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Author:  dennydj
Category:  SG-1, Friendship, Future Fic
Word Count:  1573
Warnings:  Character Death (but this is primarily about friendship)
Notes:  The title is from a prayer by Bishop Kenneth Untener

The first one to go was the last one he expected.

It surprised him, both by the unexpectedness of it and by the depth of his pain over it.  He hadn’t lost someone he considered family in a long time.

Politics had done what the Goa’uld hadn’t been able to:  silence Teal’c’s voice.  After a hundred years of struggling to free his people, Teal’c had died at their hands.  He’d led armies, flown ships into battle, and fought stealthily alongside the Tau’ri, trading his staff weapon for a P-90.  But in the end, a dispute between those he considered brothers caught Teal’c in the middle and he was cut down while trying to mediate. 

He smiled at the thought of his Jaffa friend as a diplomat. 

It had happened before the world changed, when he’d still been allowed through the gate, and the surviving members of SG-1 had gone to Chulak to honor their fallen teammate. 

As they stood beneath the blazing alien sun, little did he realize that it was the beginning of the end. 


It was a crisp autumn day when the second one happened. 

The world was in chaos and he only heard about it later, when it was over.  The people of Earth had been told about the Stargate, sparking a battle for control of it by countries once considered allies.  The Chinese had come out on top, but only after a surprise attack with weapons their teams had pilfered through the gate. 

Cam had died doing what he loved:  flying.  His jet was shot down as he defended the SGC. 

By the time Cam’s body was recovered, things had changed again and he wasn’t allowed to attend the funeral.  Sam brought the news when she came for her weekly visit. 

He closed his eyes as he remembered Cam’s easy-going manner, and how he’d come to respect the pilot who’d taken charge of a member-less SG-1 and managed to pull them together as a team again. 

But now the band would never get back together.


The day was crisp and clear when he learned of the third one. 

He looked up, over the barbed wire, to a bright, blue spring sky, the sun falsely promising better days to come.  It was one of those days that smelled of freshly mown grass, a light breeze bringing the scent of hyacinth to mingle with it.  He could picture the vase on her lab table filled with the bright purple blooms.  The same lab table where she had worked tirelessly all those years, giving her all to the Stargate program in an attempt to make the universe a better place.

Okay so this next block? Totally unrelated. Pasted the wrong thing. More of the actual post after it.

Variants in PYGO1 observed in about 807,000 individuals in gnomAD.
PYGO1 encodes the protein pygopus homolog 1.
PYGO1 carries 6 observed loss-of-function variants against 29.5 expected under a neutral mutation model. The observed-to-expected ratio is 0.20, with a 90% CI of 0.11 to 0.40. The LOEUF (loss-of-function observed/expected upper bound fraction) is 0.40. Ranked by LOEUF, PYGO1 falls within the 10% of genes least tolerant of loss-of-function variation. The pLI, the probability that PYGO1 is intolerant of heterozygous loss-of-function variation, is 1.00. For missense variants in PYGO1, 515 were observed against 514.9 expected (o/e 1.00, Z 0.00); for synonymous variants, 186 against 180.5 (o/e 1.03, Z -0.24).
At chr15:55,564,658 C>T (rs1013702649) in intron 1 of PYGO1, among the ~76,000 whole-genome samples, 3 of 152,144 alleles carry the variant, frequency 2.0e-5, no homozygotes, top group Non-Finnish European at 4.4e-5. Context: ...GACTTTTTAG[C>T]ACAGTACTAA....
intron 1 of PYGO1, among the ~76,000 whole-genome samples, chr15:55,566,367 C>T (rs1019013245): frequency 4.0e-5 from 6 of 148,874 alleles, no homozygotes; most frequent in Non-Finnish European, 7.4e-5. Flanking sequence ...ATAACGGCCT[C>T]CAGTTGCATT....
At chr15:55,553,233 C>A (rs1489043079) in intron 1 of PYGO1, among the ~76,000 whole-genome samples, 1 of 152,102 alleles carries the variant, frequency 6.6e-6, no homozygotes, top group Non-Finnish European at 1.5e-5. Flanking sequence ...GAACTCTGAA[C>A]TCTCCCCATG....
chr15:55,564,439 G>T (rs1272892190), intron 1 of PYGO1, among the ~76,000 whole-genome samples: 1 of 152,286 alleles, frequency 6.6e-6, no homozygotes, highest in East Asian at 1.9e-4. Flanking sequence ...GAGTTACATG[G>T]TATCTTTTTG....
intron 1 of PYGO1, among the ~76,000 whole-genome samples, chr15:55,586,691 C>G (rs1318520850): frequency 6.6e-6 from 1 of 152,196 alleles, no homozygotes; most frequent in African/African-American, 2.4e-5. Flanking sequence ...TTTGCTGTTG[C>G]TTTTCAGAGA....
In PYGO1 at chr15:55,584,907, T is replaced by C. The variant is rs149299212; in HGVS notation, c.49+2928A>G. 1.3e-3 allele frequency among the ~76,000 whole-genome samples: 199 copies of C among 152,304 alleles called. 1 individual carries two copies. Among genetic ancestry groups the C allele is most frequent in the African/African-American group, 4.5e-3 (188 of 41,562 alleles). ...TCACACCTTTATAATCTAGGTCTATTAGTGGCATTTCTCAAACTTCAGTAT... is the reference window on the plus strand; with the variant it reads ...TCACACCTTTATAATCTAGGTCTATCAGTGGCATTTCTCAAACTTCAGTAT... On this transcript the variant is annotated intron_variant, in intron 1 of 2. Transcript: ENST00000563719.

So it was not surprising that she’d died sabotaging technology that would have been used to destroy everything the SGC had worked for.  No one would ever use the Asgard core again.  Jacob would be proud. 

He was told she was buried next to her mother.  He’d almost fallen into despair at not being able to attend the funeral, until he thought of her playful smile, the softness of her grey-blue eyes, and the feel of her arms around him when she hugged him.  He decided he’d rather remember her fierce intelligence, dedication to her friends and their cause, and, of course, her love of blue jello. 

It had given him the strength to go on.


A winter chill had settled in his bones the fourth time it happened.  He’d wanted to deny it, to discount the sparse information that had been surreptitiously passed to him.  But he couldn’t—there were still people loyal to SG-1 who’d risked too much to make sure he got the information for him to dismiss it. 

And he’d taken it as hard as he had the others, despite the outward squabbling and teasing.  Deep down, she had been another lost soul, scarred by unspoken hurts, afraid for the world to see too much.  It had formed a bond between them, a bond that was now severed by her death. 

They said Vala had died trying to protect the people who’d once been her ‘subjects.’  He wiped the moisture from his eye and smiled with pride at how far she’d come, and tried not to think about never seeing her again. 

Of course, it was rather bittersweet since she was the reason he was here.  He wouldn’t blame her, though; it had been his choice. 

When the announcement came that all aliens were to be rounded up and confined to Area 51, he’d defied the directive and helped her escape through the gate. 

Aiding the ‘enemy’ was treason, and the new regime dealt with it harshly; as harshly as they’d dealt with the military leaders who’d fought against them. 


One by one his personal losses had stacked up.  There was only one thing that kept him going now.  He didn’t know how it had been arranged—he had a feeling Walter had something to do with it; even under these conditions, the man knew everything that was going on—but it had saved him from the pit of despair. 

It was down to just the two of them now, and he held tightly to each moment they had together.  Which wasn’t exactly true since they were separated by a thick cement wall.  But they could talk, when the guards weren’t around, and when they were, or it was late at night and darkness shrouded them, they would tap their words on the cold cement, each comforted and reassured to know the other was there.